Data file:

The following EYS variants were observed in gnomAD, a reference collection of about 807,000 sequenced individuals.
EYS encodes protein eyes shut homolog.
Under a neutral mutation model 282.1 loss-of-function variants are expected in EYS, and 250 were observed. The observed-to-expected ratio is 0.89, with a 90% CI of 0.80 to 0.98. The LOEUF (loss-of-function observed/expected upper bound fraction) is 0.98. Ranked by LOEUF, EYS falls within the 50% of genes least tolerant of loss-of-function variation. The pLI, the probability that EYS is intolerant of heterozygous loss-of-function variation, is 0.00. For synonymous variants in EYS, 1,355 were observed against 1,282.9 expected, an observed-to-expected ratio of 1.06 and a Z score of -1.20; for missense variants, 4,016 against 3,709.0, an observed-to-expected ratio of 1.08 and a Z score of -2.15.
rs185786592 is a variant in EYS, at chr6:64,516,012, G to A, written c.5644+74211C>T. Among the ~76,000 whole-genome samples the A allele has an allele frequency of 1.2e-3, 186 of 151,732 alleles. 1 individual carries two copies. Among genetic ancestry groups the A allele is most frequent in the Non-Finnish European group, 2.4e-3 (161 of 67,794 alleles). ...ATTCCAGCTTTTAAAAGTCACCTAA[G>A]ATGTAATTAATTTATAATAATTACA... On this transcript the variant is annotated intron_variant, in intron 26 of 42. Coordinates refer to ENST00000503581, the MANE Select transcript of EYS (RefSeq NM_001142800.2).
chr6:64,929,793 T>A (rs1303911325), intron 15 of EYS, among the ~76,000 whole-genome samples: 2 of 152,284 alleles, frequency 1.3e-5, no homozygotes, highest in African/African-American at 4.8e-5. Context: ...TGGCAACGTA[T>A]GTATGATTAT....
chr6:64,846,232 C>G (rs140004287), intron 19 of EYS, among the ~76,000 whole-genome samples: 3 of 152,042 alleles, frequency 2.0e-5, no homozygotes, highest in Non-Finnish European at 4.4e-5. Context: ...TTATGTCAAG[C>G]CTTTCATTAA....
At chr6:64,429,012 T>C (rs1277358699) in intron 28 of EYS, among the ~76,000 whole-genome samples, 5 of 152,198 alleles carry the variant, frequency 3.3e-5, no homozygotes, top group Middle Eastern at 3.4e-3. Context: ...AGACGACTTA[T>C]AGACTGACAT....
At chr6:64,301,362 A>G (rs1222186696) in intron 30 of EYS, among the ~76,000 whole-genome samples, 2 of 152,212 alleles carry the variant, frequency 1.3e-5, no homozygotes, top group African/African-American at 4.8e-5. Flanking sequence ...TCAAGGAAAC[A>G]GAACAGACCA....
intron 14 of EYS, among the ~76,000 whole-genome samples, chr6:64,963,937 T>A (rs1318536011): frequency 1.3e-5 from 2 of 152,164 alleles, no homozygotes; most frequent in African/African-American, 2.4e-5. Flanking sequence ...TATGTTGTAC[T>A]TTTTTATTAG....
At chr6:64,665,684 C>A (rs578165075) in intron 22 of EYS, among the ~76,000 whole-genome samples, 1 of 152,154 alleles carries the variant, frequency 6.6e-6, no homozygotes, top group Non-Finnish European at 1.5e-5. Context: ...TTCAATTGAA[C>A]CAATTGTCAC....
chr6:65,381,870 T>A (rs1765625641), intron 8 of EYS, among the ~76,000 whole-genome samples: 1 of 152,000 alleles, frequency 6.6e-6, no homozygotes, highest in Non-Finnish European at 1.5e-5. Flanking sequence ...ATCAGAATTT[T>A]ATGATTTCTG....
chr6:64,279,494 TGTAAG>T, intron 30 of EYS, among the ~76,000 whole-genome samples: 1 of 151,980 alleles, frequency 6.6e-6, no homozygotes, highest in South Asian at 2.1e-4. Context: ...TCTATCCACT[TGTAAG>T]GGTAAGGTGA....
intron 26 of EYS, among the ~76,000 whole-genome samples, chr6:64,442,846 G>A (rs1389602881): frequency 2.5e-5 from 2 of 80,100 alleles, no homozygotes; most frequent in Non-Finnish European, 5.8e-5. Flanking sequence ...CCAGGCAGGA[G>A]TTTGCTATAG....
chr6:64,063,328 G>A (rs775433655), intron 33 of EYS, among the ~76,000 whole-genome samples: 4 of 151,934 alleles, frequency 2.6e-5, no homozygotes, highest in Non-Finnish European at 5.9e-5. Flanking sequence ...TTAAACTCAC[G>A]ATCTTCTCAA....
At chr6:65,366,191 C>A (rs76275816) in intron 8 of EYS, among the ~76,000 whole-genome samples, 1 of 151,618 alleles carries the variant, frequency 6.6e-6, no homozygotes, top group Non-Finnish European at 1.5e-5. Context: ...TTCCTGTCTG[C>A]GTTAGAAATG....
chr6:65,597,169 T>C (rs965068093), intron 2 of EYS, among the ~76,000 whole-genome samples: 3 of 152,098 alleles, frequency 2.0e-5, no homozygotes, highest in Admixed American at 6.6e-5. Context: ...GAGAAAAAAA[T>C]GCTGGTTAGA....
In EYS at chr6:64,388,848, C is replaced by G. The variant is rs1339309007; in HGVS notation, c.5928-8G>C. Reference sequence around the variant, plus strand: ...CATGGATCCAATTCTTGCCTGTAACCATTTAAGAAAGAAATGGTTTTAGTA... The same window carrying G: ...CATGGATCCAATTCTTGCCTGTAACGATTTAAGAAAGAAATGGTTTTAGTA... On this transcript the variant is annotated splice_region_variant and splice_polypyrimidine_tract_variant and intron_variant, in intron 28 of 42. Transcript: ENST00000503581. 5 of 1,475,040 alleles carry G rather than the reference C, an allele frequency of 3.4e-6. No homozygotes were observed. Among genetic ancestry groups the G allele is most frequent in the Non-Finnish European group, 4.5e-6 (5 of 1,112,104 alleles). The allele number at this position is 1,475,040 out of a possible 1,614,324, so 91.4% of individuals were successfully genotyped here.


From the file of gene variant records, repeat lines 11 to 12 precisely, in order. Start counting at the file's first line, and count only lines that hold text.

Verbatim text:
chr6:65,381,870 T>A (rs1765625641), intron 8 of EYS, among the ~76,000 whole-genome samples: 1 of 152,000 alleles, frequency 6.6e-6, no homozygotes, highest in Non-Finnish European at 1.5e-5. Flanking sequence ...ATCAGAATTT[T>A]ATGATTTCTG....
chr6:64,279,494 TGTAAG>T, intron 30 of EYS, among the ~76,000 whole-genome samples: 1 of 151,980 alleles, frequency 6.6e-6, no homozygotes, highest in South Asian at 2.1e-4. Context: ...TCTATCCACT[TGTAAG>T]GGTAAGGTGA....